Friday, May 25, 2012

Printrbot arrives...

Yay, my printrbot has arrived.  At the end of last year I came across a neat kickstarter project by Brook Drumm for a simple 3D printer.  I was ready to get a Makerbot at the time (which looks quite good and has been refined a lot over time), but there was something about the way Brook wanted to do the project that appealed to me -> so I decided to back him.

The project ended up drawing a lot more interest than he originally expected...  This is a great thing when starting this type of business (more customer interest, more initial capital) but it meant that everything had to be scaled up fast.  Of course this led to delays in the kickstarter rewards, but so what... the goal is to get a business off the ground not to get rewards out fast.  It's been interesting to see how Brook and the community as a whole communicated about the changes in the design, the release of information about business decisions, design files, product revisions, assembling the printrbot, and of course the very few complainers about the delays.  I'm rather pleased with the way things  have developed and think it's likely Brook will end up with a nice little business and a happy community of customers.  There is an unofficial discussion board at printrbottalk.com that has been very helpful.

Opening the box is always interesting... Every company has a different character in how they pack things, and how the quality control is done before shipping.  I knew there would be a lot of light objects and a few heavier ones and that if the packing was wrong lots of damage could occur in transit.  Happily they did a very good job - exactly the right type and size of packing material and positioning of parts - there is no way to tell after opening if the box and actually shipped across the country or just sat on a table... perfect.  So let's see what's in the box...

There are a few lasercut pieces.  The larger one is for mounting the heated build platform (attaches to parallel rails on one axis and drive belt connectors).  The two smaller pieces are used to mount the electronics board.

A standard atx power supply.  Not exciting, but it will be fun to look at the quality of the output later.  Sometimes they can be unexpectedly good, sometimes not.  This project shouldn't come close to pushing the limits so it ought to be fine.

A big spool of ABS filament (about a pound I think).  The motors are off to the left - nicely wrapped in foam.

There are 5 motors in total.  The two smaller ones are wired together (z-axis intended to run in parallel).  All have connecters already attached - connectors look good.  I'll measure the resistances later.  All five turn nicely and the detents feel good.  (with the parallel wired little ones a cute thing is that turning one by hand will cause the other to turn as well).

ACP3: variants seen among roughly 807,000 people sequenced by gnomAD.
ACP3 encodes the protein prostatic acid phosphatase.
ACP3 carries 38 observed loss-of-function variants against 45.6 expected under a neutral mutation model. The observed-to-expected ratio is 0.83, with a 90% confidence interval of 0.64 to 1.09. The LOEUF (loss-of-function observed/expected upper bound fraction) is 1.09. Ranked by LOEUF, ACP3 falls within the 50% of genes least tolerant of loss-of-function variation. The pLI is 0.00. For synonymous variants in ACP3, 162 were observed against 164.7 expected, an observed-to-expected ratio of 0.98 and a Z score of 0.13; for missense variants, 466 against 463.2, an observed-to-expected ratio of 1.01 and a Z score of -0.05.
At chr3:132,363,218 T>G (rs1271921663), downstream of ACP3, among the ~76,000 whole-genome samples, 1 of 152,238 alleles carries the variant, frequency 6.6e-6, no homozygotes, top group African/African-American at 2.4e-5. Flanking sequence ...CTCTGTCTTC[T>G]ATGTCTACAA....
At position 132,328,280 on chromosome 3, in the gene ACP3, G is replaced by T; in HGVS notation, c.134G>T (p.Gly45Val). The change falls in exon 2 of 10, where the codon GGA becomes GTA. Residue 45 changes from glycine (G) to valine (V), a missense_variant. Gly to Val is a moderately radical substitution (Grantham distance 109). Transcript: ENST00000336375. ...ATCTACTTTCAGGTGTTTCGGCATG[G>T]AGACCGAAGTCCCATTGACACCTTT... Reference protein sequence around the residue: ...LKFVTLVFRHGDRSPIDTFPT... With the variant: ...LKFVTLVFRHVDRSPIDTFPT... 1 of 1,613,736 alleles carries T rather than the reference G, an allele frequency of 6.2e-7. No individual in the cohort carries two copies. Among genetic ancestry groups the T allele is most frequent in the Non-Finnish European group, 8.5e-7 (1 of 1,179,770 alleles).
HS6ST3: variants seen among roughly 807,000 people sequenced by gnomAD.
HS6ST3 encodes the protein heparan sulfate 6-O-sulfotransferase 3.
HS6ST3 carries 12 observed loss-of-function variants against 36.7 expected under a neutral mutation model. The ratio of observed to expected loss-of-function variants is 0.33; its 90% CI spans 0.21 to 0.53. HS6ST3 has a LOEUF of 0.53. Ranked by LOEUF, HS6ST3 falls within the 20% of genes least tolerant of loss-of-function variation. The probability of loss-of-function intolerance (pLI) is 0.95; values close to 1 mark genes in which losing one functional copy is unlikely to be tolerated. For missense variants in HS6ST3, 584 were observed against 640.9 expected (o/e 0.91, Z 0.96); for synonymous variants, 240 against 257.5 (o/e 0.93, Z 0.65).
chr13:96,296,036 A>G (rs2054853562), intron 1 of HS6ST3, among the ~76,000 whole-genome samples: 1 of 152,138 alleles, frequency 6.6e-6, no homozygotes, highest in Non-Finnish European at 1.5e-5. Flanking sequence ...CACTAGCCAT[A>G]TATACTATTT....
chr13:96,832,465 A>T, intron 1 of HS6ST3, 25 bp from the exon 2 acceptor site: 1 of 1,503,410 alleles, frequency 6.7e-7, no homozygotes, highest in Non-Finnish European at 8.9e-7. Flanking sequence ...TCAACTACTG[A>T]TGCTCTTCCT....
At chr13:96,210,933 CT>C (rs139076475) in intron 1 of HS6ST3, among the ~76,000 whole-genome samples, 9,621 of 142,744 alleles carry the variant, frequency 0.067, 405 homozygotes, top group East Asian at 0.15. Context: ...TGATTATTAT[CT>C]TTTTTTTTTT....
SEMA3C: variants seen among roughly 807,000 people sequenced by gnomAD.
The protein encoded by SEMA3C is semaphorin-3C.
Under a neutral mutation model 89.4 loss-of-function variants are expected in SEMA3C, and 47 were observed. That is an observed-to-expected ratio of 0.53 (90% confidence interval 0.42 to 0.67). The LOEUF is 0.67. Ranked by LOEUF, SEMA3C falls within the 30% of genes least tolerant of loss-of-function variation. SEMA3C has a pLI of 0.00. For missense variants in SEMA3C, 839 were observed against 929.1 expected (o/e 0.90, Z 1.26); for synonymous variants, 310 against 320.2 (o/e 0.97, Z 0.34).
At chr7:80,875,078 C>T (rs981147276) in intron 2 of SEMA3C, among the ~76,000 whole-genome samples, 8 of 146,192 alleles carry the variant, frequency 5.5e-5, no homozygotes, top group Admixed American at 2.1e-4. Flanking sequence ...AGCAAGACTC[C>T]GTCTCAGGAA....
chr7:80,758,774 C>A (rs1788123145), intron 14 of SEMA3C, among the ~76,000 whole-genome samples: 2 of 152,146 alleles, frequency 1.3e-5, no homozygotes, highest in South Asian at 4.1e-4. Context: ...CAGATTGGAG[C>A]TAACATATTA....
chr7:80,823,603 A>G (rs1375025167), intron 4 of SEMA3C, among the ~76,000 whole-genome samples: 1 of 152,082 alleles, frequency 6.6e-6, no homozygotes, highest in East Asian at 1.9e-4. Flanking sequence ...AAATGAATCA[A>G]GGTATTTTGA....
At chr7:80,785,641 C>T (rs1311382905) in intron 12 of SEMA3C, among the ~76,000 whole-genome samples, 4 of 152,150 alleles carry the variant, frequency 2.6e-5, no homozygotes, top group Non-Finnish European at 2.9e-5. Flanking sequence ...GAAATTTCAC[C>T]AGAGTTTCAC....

The heated bed (6 inches by 6 inches) is already wired with a connector.  I'll measure the resistance later - it's a long pcb trace as a resistive heater strategy.  Board is very flat and not warped - mounting holes in each corner.  There are also 3 endstop switches and a thermistor already attached to individual connectors.  Solder joints are good but no heat shrink - not certain why but maybe there is a reason I will discover later.  A couple of extensions for the extruder finish out this bag.

This little bag has 6 bearings (they look like standard skate bearings), 25 little zip ties and 5 pairs of linear bearings for the smooth rods.  The packing list says 11, but there were only 5 pairs.  It's not a problem since there are only 10 needed in the printrbot.

In the white cardboard box we have a jumper (I think for enabling the atx powersupply), a usb cable, a spare extrusion nut, the hot end and the electronics board.  There are two connectors on the hot end - I think one for the heating element and one for the temperature sensor.

There are four 10 inch threaded rods, two 8 inch threaded rods and six 10 inch hardened steel rods.  It's always a good thing to check whether the cut threaded rods are straight (all six were good).  It's also good to run a nut down the threads to see if there are any binding areas (all six were good).

There are lots of little hardware pieces: screws, nuts, washers, strings, tubes and belts.  Everything matched the packing list.  When I have lots of parts I prefer to lay them out on paper with labels - of course as I build things get all messed up, but it helps when making certain all the parts are present.

The printed plastic parts are of a better quality than I expected.  There doesn't seem to be a lot of cleanup needed.  The side that was on the heated print bed is a bit shiny and a few have little bubbles on that surface - nothing to cause a problem. Here we have two base pieces, a mount for the extruder, a mount for the carriage, a mount for the motor (x-axis I think) and a mount for the idler.  They all seem to be both lighter and more rigid than I expected.

This group of printed parts is interesting.  The most complicated piece is the extruder (top center).  There is another piece right below it that helps tension the filament into the extruder.  There are two herringbone gears, two drive belt gears, a bearing mount for the y-axis I think, a mount for a limit switch, two belt clips, two pairs of sandwich clamps (I think for the z-axis) and four clamps (3 the same, 1 with a slightly longer segment and an extra hole, I think for mounting the bed to the rails.

Now we know what came in the box and checked everything off the included BOM (missing one unneeded bearing) -> we can start to build.